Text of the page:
At Singlewire Software, leadership creates an environment for success, for innovation and for embracing customer goals among its 114 employees.
The Madison-based firm, which develops mass notification software to alert employees at schools, government office and businesses to emergency situations, strives to understand what drives high job satisfaction among its employees.
“Then we can build enabled programs around that and keep our people front and center,” said Singlewire CEO Paul Shain, whose company topped the area’s list of midsize Top Workplaces.
“Creating an environment for success means investing in the tools that people need to do their jobs well. It’s a never-ending challenge to stay current with that,” he said. “We have a great work environment — for when we are able to be in the office — and a visually exciting place with lots of collaboration spaces.”
Since software development is a highly creative endeavor, Shain also encourages employees to innovate. “We try to create an environment of risk-taking and experimentation. That’s really a hallmark of innovative companies — you have to be willing to try new things. We’re really in this continuous learning environment.”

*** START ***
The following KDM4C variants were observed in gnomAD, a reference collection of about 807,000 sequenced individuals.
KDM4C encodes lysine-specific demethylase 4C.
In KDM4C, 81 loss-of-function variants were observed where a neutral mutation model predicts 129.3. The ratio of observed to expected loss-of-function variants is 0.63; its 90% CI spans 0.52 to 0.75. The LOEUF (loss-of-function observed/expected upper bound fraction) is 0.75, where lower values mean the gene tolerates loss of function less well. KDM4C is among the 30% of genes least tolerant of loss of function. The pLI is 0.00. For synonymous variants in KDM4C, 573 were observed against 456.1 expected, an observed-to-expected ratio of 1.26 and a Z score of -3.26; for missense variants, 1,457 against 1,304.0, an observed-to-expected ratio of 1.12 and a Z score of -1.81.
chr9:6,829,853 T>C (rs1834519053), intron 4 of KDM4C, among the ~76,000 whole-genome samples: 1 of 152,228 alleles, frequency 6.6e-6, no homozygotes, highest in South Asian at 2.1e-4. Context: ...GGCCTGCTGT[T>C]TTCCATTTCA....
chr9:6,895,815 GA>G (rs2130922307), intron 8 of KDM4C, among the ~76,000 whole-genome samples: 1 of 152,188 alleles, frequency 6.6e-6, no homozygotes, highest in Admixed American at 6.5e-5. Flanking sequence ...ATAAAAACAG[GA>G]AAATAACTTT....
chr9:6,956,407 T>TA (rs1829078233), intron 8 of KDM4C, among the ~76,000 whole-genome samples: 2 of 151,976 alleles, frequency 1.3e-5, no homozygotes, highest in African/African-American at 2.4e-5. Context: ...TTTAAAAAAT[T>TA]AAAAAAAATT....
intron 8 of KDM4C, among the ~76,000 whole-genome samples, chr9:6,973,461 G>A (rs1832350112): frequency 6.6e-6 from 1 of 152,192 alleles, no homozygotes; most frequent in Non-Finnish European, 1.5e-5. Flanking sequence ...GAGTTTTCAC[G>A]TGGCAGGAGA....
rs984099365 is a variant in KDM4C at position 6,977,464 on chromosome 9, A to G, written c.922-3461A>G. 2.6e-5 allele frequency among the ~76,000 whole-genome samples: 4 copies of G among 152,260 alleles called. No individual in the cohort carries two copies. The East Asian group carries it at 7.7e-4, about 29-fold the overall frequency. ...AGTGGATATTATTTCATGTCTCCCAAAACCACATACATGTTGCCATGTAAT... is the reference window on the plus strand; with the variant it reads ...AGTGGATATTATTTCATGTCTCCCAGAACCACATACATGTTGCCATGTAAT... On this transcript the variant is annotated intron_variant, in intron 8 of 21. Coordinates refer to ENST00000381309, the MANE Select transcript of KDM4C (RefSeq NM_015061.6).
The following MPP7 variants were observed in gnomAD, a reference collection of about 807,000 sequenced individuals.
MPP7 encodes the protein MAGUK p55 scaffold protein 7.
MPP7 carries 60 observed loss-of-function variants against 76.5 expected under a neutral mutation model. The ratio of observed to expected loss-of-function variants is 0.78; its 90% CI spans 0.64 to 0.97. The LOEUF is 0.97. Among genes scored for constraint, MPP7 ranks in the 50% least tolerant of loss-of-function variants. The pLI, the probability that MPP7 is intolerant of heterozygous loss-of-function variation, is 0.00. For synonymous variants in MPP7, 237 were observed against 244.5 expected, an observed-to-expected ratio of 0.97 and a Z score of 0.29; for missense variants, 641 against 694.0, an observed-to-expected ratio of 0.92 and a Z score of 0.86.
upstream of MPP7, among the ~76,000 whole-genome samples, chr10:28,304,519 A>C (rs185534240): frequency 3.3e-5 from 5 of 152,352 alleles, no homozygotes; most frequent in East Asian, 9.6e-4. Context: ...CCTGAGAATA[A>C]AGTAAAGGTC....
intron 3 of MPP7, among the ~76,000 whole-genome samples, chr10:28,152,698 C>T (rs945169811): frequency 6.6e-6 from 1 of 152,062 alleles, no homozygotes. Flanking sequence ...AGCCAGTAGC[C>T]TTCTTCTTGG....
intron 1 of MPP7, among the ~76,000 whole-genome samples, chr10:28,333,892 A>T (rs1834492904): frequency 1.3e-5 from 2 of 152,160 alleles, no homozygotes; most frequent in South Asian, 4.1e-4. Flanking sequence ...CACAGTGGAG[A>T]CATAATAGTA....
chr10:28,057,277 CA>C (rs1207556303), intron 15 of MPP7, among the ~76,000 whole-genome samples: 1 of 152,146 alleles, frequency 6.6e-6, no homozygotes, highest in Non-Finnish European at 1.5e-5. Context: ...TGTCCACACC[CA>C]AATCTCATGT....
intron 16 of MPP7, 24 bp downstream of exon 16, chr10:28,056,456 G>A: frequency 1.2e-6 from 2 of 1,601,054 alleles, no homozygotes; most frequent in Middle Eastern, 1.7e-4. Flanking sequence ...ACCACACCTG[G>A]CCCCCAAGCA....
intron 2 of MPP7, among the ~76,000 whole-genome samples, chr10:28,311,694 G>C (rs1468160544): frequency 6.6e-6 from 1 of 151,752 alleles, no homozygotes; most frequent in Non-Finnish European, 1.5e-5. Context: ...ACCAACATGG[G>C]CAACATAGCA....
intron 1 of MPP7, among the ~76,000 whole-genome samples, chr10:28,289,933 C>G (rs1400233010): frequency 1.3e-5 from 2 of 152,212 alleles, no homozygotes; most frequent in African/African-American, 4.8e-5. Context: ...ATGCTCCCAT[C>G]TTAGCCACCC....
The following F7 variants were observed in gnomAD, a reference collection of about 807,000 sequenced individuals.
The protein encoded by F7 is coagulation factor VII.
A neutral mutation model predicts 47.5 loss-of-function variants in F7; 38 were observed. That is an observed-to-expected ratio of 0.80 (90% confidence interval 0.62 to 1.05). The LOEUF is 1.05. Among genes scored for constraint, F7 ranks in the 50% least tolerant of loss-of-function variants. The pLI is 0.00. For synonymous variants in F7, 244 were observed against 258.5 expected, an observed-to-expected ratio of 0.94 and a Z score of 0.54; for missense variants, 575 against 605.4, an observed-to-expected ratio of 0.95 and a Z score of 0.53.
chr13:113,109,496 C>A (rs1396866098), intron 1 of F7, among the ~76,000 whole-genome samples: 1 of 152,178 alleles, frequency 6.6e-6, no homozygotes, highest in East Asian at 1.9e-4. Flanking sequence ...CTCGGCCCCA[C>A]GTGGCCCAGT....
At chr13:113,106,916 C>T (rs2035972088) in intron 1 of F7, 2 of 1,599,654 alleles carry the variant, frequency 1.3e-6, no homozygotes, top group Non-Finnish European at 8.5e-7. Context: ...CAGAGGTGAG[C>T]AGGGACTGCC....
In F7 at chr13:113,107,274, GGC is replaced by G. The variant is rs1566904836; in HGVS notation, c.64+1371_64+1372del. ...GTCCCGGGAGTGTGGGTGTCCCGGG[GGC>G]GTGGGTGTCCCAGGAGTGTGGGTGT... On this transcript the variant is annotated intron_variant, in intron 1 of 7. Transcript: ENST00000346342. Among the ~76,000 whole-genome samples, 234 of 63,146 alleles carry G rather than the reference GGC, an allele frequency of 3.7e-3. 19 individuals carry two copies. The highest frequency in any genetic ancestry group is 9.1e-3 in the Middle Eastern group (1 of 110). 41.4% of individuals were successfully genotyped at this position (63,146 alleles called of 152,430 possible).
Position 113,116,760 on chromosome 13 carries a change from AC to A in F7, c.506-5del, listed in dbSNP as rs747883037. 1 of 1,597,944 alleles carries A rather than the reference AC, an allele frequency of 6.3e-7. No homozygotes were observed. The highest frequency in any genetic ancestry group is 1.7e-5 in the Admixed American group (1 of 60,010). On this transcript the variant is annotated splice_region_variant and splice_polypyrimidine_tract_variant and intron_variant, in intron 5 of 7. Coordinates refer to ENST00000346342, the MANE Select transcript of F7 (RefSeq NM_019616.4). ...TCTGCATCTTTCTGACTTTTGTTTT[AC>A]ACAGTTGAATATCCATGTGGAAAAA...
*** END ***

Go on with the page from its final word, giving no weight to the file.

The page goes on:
As part of that, the company provides training programs and encourages employees and their teams to conduct lunch-and-learn programs to share what they think is relevant to the business and how it could improve Singlewire’s products.
“Our software needs to be up to date, but even more importantly, our staff needs to feel like they are staying technologically relevant. One of the things they fear is getting pigeonholed into an old technology,” Shain added.
Singlewire understands that employees have family lives and crises that often demand time away from work, and the company provides that. “It’s all about flexibility and trust, and people value that. They value the trust we put in them to make good decisions,” Shain said. “I want people to have the flexibility to participate in life.”
Each summer, the company requires employees to take a number of paid days off — separate from their paid vacation time — to recharge their batteries and enjoy Wisconsin’s good weather.
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